WM. CAMPBELL, TREASURER.
H. C. HEINEMAN, SKCRETART.
J. L. Purvis, E. A. Helmboldt,
William Campbell, J. W. Burkhart,
A. Troutman, Jacob Schoene,
0.0. Roeaslng, John Oaldwell,
Dr. W. lrvin, W. W. Dodds,
J. W. Christy H. C. Helneman.
JAS. T. M'JUNKIN, Gen, AC'FR
iiiir o. HALK,
FIRE MERCRim TAILOR,
OOR. PENN AJTD SIXTH STREETS,
[Suocessor to A. C. Roaming A Bro.]
GRAIN, FLOUR, FEED, OIL,
THE HIQHEBT MAREET PRICE PAID IN
FOB GRAIN OF ALL KINDS.
the U. 8. service. LAW'EXPIRES JULY Ist,
1880, for ARREARS. PENSIONS INCREAS
ED. Thousands of Pensioners are rated too low.
BOUNTY AND NEW DISCHARGES PRO
CURED. Information freely given. Send
■tamp for blanks. Address.
STODDART A CO.,
Room ?, St. Cloud Building, Washington, D. C.
Persons desiring to have their Old Pnrnitnre
repaired, or Naw Work made to order, such aa
Music Standa. Book Cases, Wardrobes, Office
Desks, Office Tables, Ao., would do well to call on
A. B. WILSON,
Practical Cabinet Maker.
I bold that a piece of furnitwe made by hand
it worth two made by machinery, and will ooet
out little more, if any. Then why not have hand
made ? All work made in the lateat atylea and
of tbe beat material. I gmarantee entire sat
isfaction in style, workmanship and prise. Give
ma a oalL Shop on Wflii street, four doors
weet of Main street, and opposite A. Trontmaa's
■tore, Bntler, Pa. sepl7-ly
BAUER A BAXTER,
Liveiy, Sale and Feed Stables,
BEAR OF VOGELEY HOUSE,
Jun9-3m BUTLER, PA.
tfl s9ft pw day at borne Samples worth
Addreea STDISOK A Co.,
Portland, Maine. deoS-ly
BOOTS and SHOES
AL. lUI FF'S
Main Street, - - - - Butler, Pa.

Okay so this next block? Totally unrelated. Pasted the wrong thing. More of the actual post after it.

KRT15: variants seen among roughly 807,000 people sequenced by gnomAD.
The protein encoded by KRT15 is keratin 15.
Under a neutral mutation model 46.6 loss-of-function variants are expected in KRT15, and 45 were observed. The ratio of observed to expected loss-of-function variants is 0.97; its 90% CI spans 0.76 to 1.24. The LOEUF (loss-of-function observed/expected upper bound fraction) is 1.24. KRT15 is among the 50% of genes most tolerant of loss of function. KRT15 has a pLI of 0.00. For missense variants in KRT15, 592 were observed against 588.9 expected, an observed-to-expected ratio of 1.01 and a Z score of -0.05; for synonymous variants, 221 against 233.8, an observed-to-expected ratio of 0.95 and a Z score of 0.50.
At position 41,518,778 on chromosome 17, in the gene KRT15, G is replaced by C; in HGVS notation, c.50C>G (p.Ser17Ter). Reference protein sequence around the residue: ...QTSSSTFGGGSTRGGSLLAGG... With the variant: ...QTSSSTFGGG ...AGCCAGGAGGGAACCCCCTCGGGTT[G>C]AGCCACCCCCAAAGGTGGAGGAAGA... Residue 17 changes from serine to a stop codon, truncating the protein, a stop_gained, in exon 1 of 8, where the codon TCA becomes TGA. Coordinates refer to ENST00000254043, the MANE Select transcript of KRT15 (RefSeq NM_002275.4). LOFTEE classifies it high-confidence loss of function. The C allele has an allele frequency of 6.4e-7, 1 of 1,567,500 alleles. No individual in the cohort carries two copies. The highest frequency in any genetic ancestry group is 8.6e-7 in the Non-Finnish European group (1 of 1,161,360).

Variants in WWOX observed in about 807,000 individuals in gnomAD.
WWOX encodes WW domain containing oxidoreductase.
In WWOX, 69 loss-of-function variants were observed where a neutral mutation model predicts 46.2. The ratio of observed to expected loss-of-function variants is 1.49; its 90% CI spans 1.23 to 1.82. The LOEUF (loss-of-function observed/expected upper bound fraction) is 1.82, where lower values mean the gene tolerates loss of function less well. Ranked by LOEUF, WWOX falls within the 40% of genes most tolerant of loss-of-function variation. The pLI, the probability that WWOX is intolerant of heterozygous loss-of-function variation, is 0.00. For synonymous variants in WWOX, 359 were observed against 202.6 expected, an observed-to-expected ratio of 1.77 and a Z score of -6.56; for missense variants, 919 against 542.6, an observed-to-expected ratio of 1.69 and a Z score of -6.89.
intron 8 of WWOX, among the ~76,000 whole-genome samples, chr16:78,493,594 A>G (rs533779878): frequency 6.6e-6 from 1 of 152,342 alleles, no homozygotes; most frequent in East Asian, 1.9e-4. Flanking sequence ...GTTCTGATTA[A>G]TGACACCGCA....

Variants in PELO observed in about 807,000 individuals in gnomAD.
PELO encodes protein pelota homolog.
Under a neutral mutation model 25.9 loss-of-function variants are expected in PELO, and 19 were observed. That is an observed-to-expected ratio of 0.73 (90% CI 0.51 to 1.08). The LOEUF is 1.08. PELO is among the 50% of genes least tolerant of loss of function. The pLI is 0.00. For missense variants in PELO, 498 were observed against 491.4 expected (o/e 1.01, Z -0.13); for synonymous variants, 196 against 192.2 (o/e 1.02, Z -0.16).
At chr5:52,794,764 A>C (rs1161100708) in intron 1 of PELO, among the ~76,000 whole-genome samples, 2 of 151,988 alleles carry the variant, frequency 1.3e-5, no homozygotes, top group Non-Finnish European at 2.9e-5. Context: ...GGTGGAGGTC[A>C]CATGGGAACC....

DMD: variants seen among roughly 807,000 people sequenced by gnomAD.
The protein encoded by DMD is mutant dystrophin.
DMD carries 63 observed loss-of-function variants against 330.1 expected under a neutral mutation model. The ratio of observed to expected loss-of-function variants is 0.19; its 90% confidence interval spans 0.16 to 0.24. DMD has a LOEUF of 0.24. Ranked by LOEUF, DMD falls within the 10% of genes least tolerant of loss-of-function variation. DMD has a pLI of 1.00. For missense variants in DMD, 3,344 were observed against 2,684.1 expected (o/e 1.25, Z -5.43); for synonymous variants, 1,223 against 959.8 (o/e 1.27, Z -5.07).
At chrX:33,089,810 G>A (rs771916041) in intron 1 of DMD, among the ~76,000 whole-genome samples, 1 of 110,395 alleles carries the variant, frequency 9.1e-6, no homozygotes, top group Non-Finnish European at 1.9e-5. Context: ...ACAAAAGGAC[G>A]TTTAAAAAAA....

I have just received my entire Spring and Summer stock of BOOTS and
SHOES direct from the manufacturer, and am able to sell them at
and a great many lines at LOWER PRICES THAN EVER.
Ladies', Misses' and Children's Button, Polish and Side Lace Boots in
endless variety, and at bottom prices.
Reynolds Brothers' celebrated 6ne Shoes always in stock, and is tbe most
complete I bave ever offered. The prices are lower than ever, and styles
Parties wanting BOOTS & SHOES made to order can do no better than
by me, as I keep none but the best of workmen iu my employ.
LEATHER and FINDINGS will be found in my store in superior
quality and at lowest market rates.
|SJ%R~AIL goods warranted as represented. Al*. BUFF,
CARPETS! OIL CLOTHS! MATS ! RUGS! STAIK~RODS
a NEW STOCK I NEW STOCK 1 |
| HECK & PATTERSON'S h
1 NEW CARPET ROOM !
M NOW OFEHSTI c
g ©tf tfoelp ©!j®tb)«rog b
Dufly's Block, sept2o-tf Butler, Pa, S
ISDOHHIVXS iSf)flH ISXVK ISII.LOLO 110 ISI3C£HVO
Time of Holding Courts.
The several Courts of the county of Butler
commence on the fiist Moudav of March, June,
September and December, and continue two
weeks, or so long as n< ceasary to dispose of the
business. No Cannes are put down for trial or (
traverse jnrors summoned for the first week of
the sevetal terms.
ATTORNEYS AT LAW.
J. F. BRITTAIN,
Office with I. Z Mitchell. Diamond.
A. M. CUNNINGHAM;
Office in Brady's Law Building. Butler, Pa.
Office on N. E. corner Diamond, Riddle build
Office on N. E. corner Diamond. npvl2
WJI. 11. LUSK,
Office '>;ith W H. H Biddle, Esq.
Office on Diamond, near Court House, south
~ E. I. BRUGH,
Office In Riddle's Law Building.
S F. BOWSER.
Office in Riddle's Law Building. [marß'76
J. B. RIcJUNKIN!
Special attention given to collections Ofllc